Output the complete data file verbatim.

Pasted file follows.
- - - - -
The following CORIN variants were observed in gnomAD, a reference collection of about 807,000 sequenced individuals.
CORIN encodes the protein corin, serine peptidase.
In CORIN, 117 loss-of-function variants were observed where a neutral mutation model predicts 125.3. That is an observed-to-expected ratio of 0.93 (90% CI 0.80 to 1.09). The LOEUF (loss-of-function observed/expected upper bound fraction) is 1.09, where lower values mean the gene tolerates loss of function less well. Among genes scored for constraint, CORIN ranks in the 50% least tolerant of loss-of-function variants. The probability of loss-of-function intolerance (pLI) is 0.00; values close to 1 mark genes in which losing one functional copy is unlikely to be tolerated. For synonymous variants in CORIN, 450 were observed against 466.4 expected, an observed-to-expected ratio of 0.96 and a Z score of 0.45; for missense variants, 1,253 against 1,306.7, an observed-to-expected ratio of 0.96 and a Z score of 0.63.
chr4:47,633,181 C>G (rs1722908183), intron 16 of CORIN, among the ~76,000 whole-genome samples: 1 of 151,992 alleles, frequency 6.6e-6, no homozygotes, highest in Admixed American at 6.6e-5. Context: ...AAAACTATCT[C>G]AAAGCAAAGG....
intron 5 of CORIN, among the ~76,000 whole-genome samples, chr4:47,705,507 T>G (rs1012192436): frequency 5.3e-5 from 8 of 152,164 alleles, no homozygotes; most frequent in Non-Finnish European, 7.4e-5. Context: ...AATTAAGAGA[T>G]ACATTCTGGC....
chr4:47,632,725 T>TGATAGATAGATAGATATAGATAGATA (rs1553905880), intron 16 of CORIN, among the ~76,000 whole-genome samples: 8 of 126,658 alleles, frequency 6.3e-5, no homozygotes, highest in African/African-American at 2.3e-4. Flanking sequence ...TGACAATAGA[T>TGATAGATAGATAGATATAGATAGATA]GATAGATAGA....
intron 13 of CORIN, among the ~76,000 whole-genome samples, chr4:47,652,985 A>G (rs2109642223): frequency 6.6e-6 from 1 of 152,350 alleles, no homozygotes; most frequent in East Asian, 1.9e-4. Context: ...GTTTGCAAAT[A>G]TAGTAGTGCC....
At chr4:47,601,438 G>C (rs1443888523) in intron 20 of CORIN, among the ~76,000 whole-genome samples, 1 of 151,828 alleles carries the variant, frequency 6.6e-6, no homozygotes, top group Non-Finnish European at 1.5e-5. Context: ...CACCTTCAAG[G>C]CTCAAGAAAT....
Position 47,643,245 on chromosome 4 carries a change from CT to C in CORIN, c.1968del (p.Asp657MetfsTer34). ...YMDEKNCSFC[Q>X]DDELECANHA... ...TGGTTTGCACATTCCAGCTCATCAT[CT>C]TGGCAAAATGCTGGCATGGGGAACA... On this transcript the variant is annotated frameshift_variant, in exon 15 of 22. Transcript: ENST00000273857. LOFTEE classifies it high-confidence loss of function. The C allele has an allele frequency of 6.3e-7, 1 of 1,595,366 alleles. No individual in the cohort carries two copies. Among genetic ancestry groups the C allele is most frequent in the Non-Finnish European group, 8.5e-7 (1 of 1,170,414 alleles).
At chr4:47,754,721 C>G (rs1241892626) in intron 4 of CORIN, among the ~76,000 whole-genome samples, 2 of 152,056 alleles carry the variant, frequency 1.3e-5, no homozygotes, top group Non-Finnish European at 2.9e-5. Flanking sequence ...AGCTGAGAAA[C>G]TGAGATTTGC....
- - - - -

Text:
The following CORIN variants were observed in gnomAD, a reference collection of about 807,000 sequenced individuals.
CORIN encodes the protein corin, serine peptidase.
In CORIN, 117 loss-of-function variants were observed where a neutral mutation model predicts 125.3. That is an observed-to-expected ratio of 0.93 (90% CI 0.80 to 1.09). The LOEUF (loss-of-function observed/expected upper bound fraction) is 1.09, where lower values mean the gene tolerates loss of function less well. Among genes scored for constraint, CORIN ranks in the 50% least tolerant of loss-of-function variants. The probability of loss-of-function intolerance (pLI) is 0.00; values close to 1 mark genes in which losing one functional copy is unlikely to be tolerated. For synonymous variants in CORIN, 450 were observed against 466.4 expected, an observed-to-expected ratio of 0.96 and a Z score of 0.45; for missense variants, 1,253 against 1,306.7, an observed-to-expected ratio of 0.96 and a Z score of 0.63.
chr4:47,633,181 C>G (rs1722908183), intron 16 of CORIN, among the ~76,000 whole-genome samples: 1 of 151,992 alleles, frequency 6.6e-6, no homozygotes, highest in Admixed American at 6.6e-5. Context: ...AAAACTATCT[C>G]AAAGCAAAGG....
intron 5 of CORIN, among the ~76,000 whole-genome samples, chr4:47,705,507 T>G (rs1012192436): frequency 5.3e-5 from 8 of 152,164 alleles, no homozygotes; most frequent in Non-Finnish European, 7.4e-5. Context: ...AATTAAGAGA[T>G]ACATTCTGGC....
chr4:47,632,725 T>TGATAGATAGATAGATATAGATAGATA (rs1553905880), intron 16 of CORIN, among the ~76,000 whole-genome samples: 8 of 126,658 alleles, frequency 6.3e-5, no homozygotes, highest in African/African-American at 2.3e-4. Flanking sequence ...TGACAATAGA[T>TGATAGATAGATAGATATAGATAGATA]GATAGATAGA....
intron 13 of CORIN, among the ~76,000 whole-genome samples, chr4:47,652,985 A>G (rs2109642223): frequency 6.6e-6 from 1 of 152,350 alleles, no homozygotes; most frequent in East Asian, 1.9e-4. Context: ...GTTTGCAAAT[A>G]TAGTAGTGCC....
At chr4:47,601,438 G>C (rs1443888523) in intron 20 of CORIN, among the ~76,000 whole-genome samples, 1 of 151,828 alleles carries the variant, frequency 6.6e-6, no homozygotes, top group Non-Finnish European at 1.5e-5. Context: ...CACCTTCAAG[G>C]CTCAAGAAAT....
Position 47,643,245 on chromosome 4 carries a change from CT to C in CORIN, c.1968del (p.Asp657MetfsTer34). ...YMDEKNCSFC[Q>X]DDELECANHA... ...TGGTTTGCACATTCCAGCTCATCAT[CT>C]TGGCAAAATGCTGGCATGGGGAACA... On this transcript the variant is annotated frameshift_variant, in exon 15 of 22. Transcript: ENST00000273857. LOFTEE classifies it high-confidence loss of function. The C allele has an allele frequency of 6.3e-7, 1 of 1,595,366 alleles. No individual in the cohort carries two copies. Among genetic ancestry groups the C allele is most frequent in the Non-Finnish European group, 8.5e-7 (1 of 1,170,414 alleles).
At chr4:47,754,721 C>G (rs1241892626) in intron 4 of CORIN, among the ~76,000 whole-genome samples, 2 of 152,056 alleles carry the variant, frequency 1.3e-5, no homozygotes, top group Non-Finnish European at 2.9e-5. Flanking sequence ...AGCTGAGAAA[C>G]TGAGATTTGC....